Hat tip: XKCD
I liked this preflight video a lot. I’m definitely going to make on in the new year for my passengers.
A man in a hot air balloon realized he was lost.
He reduced altitude and spotted a woman below. He descended a bit more and shouted, “Excuse me, can you help me? I promised a friend I would meet him an hour ago, but I don’t know where I am.”
The woman below replied, “You are in a hot air balloon hovering approximately 30 feet above the ground. You are between 40 and 41 degrees north latitude and between 59 and 60 degrees west longitude.”
“You must be an engineer,” said the balloonist.
“I am,” replied the woman, “How did you know?”
“Well,” answered the balloonist, “everything you told me is technically correct, but I have no idea what to make of your information, and the fact is I am still lost. Frankly, you’ve not been much help so far.”
The woman below responded, “You must be in management.”
“I am,” replied the balloonist, “but how did you know?”
“Well,” said the woman, “you don’t know where you are or where you are going. You have risen to where you are due to a large quantity of hot air. You made a promise which you have no idea how to keep, and you expect people beneath you to solve your problems. The fact is you are in exactly the same position you were in before we met, but now, somehow, it’s my fault!”
- “Aim towards the Enemy.” – Instruction printed on US Rocket Launcher
- “Cluster bombing from B-52s is very, very accurate. The bombs are guaranteed to always hit the ground.” – USAF
- “When the enemy is in range, so are you.” – Infantry Journal
- “It is generally inadvisable to eject directly over the area you just bombed.” – U.S. Air Force Manual
- “Tracers work both ways.” – U.S. Army Ordnance
- “If you see a bomb technician running, follow him.” – USAF
- “You’ve never been lost until you’ve been lost at Mach 3.” – Paul F. Crickmore (test pilot)
- “The only time you have too much fuel is when you’re on fire.”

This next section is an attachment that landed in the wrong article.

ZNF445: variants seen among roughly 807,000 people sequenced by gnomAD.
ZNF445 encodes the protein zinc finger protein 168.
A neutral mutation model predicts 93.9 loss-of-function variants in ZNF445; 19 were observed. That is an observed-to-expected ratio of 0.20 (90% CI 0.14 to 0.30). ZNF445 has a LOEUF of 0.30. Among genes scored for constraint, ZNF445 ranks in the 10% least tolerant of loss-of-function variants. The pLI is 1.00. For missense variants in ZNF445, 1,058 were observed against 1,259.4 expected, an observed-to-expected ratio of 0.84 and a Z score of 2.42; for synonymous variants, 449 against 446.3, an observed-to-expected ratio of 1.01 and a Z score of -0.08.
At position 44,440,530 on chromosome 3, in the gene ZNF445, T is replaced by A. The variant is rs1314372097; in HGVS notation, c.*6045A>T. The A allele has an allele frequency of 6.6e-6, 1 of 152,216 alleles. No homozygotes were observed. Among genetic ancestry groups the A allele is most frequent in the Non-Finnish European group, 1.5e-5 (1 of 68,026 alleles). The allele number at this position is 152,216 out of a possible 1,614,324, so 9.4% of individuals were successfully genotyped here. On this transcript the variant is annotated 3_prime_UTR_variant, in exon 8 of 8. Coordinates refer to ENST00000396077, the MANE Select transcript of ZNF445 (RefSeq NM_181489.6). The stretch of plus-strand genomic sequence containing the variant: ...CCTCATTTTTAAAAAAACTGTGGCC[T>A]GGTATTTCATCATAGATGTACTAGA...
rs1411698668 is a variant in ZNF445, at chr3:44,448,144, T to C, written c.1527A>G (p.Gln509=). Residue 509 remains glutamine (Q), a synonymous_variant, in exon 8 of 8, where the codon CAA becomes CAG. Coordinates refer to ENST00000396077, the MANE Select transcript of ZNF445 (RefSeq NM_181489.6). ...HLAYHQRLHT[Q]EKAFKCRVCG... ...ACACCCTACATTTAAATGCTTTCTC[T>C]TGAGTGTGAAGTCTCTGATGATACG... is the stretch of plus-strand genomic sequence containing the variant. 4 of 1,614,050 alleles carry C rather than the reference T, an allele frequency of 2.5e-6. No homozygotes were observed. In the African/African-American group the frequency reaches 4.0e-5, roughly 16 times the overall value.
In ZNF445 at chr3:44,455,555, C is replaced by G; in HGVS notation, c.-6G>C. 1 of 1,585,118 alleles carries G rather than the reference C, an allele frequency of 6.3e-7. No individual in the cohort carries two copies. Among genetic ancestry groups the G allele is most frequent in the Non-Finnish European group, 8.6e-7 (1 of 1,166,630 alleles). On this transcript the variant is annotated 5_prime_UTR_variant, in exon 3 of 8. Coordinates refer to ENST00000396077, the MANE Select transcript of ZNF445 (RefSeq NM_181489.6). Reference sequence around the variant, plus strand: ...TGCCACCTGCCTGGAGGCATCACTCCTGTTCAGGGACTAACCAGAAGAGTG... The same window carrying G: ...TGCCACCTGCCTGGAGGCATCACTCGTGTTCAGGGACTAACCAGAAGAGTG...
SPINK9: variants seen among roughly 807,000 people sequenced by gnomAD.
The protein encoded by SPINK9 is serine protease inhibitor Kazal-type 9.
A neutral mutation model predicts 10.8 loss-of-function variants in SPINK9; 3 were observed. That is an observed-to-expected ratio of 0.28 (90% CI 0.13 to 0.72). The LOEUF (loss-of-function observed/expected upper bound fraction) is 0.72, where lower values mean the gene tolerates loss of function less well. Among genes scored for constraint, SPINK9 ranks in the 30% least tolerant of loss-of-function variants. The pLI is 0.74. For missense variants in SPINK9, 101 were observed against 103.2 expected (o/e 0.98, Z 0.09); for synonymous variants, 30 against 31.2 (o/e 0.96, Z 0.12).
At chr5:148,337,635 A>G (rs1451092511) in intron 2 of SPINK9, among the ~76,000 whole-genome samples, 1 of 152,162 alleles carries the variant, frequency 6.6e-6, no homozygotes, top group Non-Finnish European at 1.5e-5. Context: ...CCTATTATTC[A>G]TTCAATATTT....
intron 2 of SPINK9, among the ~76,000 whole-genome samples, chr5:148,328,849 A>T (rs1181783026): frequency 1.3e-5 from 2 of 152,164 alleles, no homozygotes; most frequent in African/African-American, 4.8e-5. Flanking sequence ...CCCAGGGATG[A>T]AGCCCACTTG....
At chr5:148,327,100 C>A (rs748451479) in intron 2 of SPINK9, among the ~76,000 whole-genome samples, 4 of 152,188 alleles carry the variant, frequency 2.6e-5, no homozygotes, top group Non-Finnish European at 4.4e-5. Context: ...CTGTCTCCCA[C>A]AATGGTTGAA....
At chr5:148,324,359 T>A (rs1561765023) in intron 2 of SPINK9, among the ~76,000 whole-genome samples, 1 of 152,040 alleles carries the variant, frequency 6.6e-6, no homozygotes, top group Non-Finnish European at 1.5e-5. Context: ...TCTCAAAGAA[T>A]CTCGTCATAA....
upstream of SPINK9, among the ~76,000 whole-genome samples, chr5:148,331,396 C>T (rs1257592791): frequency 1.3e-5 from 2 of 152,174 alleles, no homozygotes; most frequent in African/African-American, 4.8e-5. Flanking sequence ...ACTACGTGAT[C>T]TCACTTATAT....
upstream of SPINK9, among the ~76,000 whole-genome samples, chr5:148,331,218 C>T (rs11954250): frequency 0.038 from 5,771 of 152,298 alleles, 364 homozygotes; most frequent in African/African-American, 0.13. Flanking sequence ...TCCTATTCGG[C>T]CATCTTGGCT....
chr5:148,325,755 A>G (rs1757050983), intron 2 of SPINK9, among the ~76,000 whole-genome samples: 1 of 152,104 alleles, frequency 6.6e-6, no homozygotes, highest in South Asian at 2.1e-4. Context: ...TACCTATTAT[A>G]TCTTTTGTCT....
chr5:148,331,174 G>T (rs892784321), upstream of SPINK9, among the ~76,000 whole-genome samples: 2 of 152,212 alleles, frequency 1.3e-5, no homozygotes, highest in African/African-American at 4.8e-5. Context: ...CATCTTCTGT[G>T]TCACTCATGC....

- “Blue water Navy truism: There are more planes in the ocean than submarines in the sky.” – From an old carrier sailor
- “There is no reason to fly through a thunderstorm in peacetime.” – Sign over squadron ops desk at Davis-Monthan AFB, AZ.
- Remember that the airplane doesn’t know that it’s dark.
- On a clear, moonless night, never fly between the tanker’s lights.
- There are certain aircraft sounds that can only be heard at night.
- If you’re going to night fly, it might as well be in the weather so you can double count your exposure to both hazards.
- Night formation is really an endless series of near misses in equilibrium with each other.
- You would have to pay a lot of money at a lot of amusement parks and perhaps add a few drugs, to get the same blend of psychedelic sensations as a single engine night weather flight.
Today is Friday the 13th and we are happy to report that Finnair flight 666 or AY666 from Copenhagen to Helsinki (HEL) has landed safely. Not only that, the flight departed and landed ahead of schedule:
For superstitious travelers, Helsinki happens to have the 3 letter designation HEL while flight AY666 from Copenhagen to Helsinki is a daily flight – meaning there are are two Friday the 13th flights to HEL this year.
The AP has noted that some airlines, like Scandinavian Airlines, take superstitions about the number 13 very serious and don’t have a row 13 on board. However, Finnair and other regional carriers like Norwegian and Estonian Air keep their row 13s because apparently the superstition has only recently arrived in northern latitudes – meaning some lucky passengers got to sit in row 13, on Flight 666 to HEL…
The AP also reported that today’s Flight 666 to HEL was almost full, but there is no word on whether or not any passengers lost their checked-in baggage in or on the way to HEL…
Finally and if you wish to replay an uneventful Flight 666 to HEL, click here to visit the flight’s page on flightradar24.com.